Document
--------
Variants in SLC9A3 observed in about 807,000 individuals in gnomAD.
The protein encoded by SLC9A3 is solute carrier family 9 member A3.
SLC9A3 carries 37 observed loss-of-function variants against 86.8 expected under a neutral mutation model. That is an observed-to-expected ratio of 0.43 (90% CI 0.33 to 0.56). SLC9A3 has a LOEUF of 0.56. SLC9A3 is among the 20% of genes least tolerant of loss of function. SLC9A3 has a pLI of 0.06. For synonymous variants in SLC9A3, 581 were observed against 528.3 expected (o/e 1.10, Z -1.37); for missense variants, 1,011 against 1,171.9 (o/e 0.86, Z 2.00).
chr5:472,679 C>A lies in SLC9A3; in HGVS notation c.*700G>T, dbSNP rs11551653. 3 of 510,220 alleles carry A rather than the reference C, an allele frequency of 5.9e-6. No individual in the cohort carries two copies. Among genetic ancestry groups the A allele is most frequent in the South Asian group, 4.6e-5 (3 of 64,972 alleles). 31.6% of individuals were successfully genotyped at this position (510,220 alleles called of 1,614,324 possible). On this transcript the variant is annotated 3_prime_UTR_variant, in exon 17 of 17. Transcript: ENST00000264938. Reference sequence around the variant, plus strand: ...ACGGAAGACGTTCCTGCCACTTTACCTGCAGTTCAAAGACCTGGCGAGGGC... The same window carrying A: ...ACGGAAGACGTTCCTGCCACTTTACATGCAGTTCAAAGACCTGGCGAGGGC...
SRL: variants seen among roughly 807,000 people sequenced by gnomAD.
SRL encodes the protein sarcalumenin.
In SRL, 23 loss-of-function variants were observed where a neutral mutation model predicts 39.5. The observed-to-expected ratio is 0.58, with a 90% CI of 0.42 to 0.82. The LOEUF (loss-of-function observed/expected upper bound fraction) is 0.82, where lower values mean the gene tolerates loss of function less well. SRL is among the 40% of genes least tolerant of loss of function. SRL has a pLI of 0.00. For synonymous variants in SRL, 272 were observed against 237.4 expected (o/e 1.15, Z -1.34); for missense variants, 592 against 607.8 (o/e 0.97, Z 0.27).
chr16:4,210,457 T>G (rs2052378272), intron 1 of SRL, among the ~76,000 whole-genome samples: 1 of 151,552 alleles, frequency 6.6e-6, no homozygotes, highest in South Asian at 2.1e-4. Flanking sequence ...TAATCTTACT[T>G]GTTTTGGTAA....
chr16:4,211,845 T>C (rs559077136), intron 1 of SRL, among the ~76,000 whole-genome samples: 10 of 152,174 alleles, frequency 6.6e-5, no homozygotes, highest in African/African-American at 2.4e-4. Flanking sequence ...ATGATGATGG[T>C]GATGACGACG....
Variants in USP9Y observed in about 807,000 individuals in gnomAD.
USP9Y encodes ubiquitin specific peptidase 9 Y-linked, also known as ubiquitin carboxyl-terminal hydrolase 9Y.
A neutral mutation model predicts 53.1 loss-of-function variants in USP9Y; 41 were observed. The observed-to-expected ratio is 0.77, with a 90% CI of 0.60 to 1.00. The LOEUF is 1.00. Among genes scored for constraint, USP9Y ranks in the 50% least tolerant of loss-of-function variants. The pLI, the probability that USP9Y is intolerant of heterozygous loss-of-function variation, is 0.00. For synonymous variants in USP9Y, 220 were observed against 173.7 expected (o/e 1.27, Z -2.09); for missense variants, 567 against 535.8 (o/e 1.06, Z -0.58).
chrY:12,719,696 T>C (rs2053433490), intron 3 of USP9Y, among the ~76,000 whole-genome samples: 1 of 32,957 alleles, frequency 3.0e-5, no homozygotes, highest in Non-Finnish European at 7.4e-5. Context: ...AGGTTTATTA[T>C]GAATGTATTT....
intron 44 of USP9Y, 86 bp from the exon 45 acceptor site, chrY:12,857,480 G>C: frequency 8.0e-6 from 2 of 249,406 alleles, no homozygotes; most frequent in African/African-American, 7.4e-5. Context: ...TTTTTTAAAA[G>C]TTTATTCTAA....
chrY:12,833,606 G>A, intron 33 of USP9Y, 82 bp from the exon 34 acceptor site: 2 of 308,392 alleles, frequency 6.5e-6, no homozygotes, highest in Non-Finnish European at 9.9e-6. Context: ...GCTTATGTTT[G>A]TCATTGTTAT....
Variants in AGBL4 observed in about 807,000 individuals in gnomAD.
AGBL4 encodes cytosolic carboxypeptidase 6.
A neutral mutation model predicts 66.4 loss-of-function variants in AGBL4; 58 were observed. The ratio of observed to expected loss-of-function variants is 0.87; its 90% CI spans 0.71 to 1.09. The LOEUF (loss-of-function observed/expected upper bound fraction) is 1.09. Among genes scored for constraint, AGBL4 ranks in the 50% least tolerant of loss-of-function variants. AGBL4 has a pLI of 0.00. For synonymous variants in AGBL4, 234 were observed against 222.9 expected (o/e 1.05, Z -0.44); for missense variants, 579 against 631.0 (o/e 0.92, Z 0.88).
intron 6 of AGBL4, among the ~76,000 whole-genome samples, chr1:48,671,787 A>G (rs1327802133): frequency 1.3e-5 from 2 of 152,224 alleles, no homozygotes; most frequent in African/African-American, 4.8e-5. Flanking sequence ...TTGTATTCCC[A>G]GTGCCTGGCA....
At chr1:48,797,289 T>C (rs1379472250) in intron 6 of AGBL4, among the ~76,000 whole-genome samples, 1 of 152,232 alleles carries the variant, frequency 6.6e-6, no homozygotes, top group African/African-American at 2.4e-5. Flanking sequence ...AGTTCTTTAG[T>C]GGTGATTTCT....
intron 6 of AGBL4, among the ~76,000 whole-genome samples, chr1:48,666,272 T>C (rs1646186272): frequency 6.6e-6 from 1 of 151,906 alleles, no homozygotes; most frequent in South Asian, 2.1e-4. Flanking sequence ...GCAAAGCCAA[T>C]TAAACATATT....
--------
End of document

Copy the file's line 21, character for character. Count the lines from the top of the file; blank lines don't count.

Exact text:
intron 6 of AGBL4, among the ~76,000 whole-genome samples, chr1:48,666,272 T>C (rs1646186272): frequency 6.6e-6 from 1 of 151,906 alleles, no homozygotes; most frequent in South Asian, 2.1e-4. Flanking sequence ...GCAAAGCCAA[T>C]TAAACATATT....